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Relating diseases by integrating gene associations and information flow through protein interaction network.

Hamaneh MB, Yu YK - PLoS ONE (2014)

Bottom Line: We have also compared our results to those of MimMiner, a text-mining method that assigns pairwise similarity scores to diseases.We find the results of the two methods to be complementary.Although not needed for understanding this paper, the raw results are available for download for further study at ftp://ftp.ncbi.nlm.nih.gov/pub/qmbpmn/DiseaseRelations/.

View Article: PubMed Central - PubMed

Affiliation: National Center for Biotechnology Information, National Library of Medicine, National Institutes of Health, Bethesda, MD, United States of America.

ABSTRACT
Identifying similar diseases could potentially provide deeper understanding of their underlying causes, and may even hint at possible treatments. For this purpose, it is necessary to have a similarity measure that reflects the underpinning molecular interactions and biological pathways. We have thus devised a network-based measure that can partially fulfill this goal. Our method assigns weights to all proteins (and consequently their encoding genes) by using information flow from a disease to the protein interaction network and back. Similarity between two diseases is then defined as the cosine of the angle between their corresponding weight vectors. The proposed method also provides a way to suggest disease-pathway associations by using the weights assigned to the genes to perform enrichment analysis for each disease. By calculating pairwise similarities between 2534 diseases, we show that our disease similarity measure is strongly correlated with the probability of finding the diseases in the same disease family and, more importantly, sharing biological pathways. We have also compared our results to those of MimMiner, a text-mining method that assigns pairwise similarity scores to diseases. We find the results of the two methods to be complementary. It is also shown that clustering diseases based on their similarities and performing enrichment analysis for the cluster centers significantly increases the term association rate, suggesting that the cluster centers are better representatives for biological pathways than the diseases themselves. This lends support to the view that our similarity measure is a good indicator of relatedness of biological processes involved in causing the diseases. Although not needed for understanding this paper, the raw results are available for download for further study at ftp://ftp.ncbi.nlm.nih.gov/pub/qmbpmn/DiseaseRelations/.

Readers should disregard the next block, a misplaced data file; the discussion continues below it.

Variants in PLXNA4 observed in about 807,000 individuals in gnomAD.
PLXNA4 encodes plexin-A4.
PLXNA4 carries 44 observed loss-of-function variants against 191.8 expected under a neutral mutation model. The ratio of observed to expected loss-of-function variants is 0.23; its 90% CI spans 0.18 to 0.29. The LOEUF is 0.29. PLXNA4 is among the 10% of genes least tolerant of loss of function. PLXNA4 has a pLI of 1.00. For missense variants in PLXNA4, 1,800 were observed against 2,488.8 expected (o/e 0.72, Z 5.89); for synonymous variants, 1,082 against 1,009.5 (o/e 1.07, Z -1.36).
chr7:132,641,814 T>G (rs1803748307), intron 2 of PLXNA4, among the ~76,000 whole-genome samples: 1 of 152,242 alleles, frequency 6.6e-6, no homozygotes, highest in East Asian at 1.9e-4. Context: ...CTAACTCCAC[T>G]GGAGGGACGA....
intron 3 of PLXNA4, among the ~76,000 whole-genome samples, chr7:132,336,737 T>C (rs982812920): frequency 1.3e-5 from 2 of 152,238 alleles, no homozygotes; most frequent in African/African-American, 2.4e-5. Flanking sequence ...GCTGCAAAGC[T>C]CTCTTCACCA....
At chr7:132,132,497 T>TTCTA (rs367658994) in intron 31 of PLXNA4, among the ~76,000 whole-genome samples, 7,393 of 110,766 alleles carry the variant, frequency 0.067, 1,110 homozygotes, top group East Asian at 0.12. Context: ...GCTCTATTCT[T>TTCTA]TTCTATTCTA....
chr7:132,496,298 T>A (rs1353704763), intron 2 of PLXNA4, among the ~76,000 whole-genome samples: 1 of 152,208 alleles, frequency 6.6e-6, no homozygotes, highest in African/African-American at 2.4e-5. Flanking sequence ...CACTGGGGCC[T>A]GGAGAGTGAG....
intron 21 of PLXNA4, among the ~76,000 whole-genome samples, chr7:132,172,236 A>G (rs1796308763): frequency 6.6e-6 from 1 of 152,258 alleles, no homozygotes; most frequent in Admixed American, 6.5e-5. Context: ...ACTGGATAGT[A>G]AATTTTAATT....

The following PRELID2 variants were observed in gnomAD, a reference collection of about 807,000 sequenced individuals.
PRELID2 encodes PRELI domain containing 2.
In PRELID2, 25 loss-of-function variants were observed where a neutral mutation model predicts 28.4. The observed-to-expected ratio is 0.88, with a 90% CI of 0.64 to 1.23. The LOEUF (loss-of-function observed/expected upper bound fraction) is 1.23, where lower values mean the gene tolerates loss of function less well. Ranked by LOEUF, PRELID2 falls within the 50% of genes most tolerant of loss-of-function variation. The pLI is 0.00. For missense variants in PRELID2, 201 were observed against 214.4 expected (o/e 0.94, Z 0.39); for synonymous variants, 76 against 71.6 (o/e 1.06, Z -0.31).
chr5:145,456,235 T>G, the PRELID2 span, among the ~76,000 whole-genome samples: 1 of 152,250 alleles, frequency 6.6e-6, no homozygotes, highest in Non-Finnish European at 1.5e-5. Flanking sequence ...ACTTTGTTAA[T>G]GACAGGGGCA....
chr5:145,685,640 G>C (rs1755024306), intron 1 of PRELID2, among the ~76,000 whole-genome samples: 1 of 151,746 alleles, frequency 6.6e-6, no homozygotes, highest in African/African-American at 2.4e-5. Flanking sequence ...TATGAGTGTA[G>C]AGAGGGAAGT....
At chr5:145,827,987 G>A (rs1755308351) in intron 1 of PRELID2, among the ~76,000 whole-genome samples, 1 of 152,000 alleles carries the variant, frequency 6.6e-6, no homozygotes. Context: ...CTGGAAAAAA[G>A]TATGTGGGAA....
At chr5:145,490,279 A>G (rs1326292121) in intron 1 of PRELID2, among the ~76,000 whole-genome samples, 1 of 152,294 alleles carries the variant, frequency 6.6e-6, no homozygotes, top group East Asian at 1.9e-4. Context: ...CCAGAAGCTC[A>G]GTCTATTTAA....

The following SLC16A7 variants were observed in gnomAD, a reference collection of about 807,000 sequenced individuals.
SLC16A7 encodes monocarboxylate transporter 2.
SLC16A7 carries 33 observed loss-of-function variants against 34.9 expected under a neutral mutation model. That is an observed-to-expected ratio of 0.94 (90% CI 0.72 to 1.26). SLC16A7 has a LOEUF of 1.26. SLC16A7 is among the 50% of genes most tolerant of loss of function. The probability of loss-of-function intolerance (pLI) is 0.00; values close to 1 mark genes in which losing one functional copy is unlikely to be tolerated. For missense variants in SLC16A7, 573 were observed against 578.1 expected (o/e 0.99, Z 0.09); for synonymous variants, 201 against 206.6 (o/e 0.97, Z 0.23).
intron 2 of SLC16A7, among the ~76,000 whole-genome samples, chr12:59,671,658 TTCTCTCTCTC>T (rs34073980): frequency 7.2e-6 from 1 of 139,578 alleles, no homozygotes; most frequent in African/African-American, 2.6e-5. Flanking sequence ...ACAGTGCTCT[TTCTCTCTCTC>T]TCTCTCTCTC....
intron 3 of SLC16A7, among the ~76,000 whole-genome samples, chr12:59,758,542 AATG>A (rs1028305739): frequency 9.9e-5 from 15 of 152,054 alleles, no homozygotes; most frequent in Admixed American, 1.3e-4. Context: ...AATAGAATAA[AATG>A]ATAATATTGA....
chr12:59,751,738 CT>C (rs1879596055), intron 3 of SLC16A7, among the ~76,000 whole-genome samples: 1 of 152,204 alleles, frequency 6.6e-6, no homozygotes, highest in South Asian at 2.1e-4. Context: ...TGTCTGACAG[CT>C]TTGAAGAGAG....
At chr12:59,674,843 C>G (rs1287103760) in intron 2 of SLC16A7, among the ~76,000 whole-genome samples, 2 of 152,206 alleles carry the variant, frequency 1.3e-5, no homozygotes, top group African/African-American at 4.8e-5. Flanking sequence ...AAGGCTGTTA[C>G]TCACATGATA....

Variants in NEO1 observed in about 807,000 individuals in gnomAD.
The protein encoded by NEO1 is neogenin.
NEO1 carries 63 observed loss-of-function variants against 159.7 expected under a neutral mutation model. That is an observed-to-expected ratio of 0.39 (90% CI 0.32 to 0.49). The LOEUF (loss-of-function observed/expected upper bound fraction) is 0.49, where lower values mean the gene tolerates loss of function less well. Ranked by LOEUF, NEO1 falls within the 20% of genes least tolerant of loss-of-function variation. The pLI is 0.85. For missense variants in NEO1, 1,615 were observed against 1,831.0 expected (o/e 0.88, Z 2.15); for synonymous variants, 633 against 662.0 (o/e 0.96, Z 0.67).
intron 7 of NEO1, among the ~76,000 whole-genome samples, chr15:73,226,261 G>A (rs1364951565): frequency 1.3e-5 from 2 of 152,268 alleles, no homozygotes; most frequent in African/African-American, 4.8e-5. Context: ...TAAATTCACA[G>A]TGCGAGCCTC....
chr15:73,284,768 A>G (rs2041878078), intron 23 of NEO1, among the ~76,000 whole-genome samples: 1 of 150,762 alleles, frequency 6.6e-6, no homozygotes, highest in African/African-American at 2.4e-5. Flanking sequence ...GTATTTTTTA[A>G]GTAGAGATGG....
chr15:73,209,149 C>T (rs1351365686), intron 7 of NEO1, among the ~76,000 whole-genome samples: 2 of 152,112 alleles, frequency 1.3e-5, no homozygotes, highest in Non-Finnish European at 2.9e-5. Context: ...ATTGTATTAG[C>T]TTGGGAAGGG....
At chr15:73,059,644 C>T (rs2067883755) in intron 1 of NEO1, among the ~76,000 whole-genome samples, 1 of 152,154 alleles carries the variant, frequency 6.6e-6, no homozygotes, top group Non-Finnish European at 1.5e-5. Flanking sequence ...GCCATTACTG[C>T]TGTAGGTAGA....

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Two example clusters.The clusters that include Parkinson's disease (OMIM:168600) and Retinitis pigmentosa 7 (MESH:C564284) are shown in panels (A) and (B) respectively. In each case, only diseases with membership probabilities larger than 5% are shown. The size of each node (circle) is proportional to the probability of membership of that node in the cluster. For a disease pair, the thickness of the line linking the diseases is proportional to , where  is the correlation between the two diseases and  is the minimum correlation between all diseases shown in each cluster. The names and IDs of the members of each cluster are also given. Diseases whose names are written in the same color (other than black) have exactly the same gene associations and so are equivalent in our study. Equivalent diseases are represented by one node in the figure. For example, the node identified by C566637 in panel (B) represents the four diseases whose names are in green, i.e. C535804, C566637, C565827, and C562479.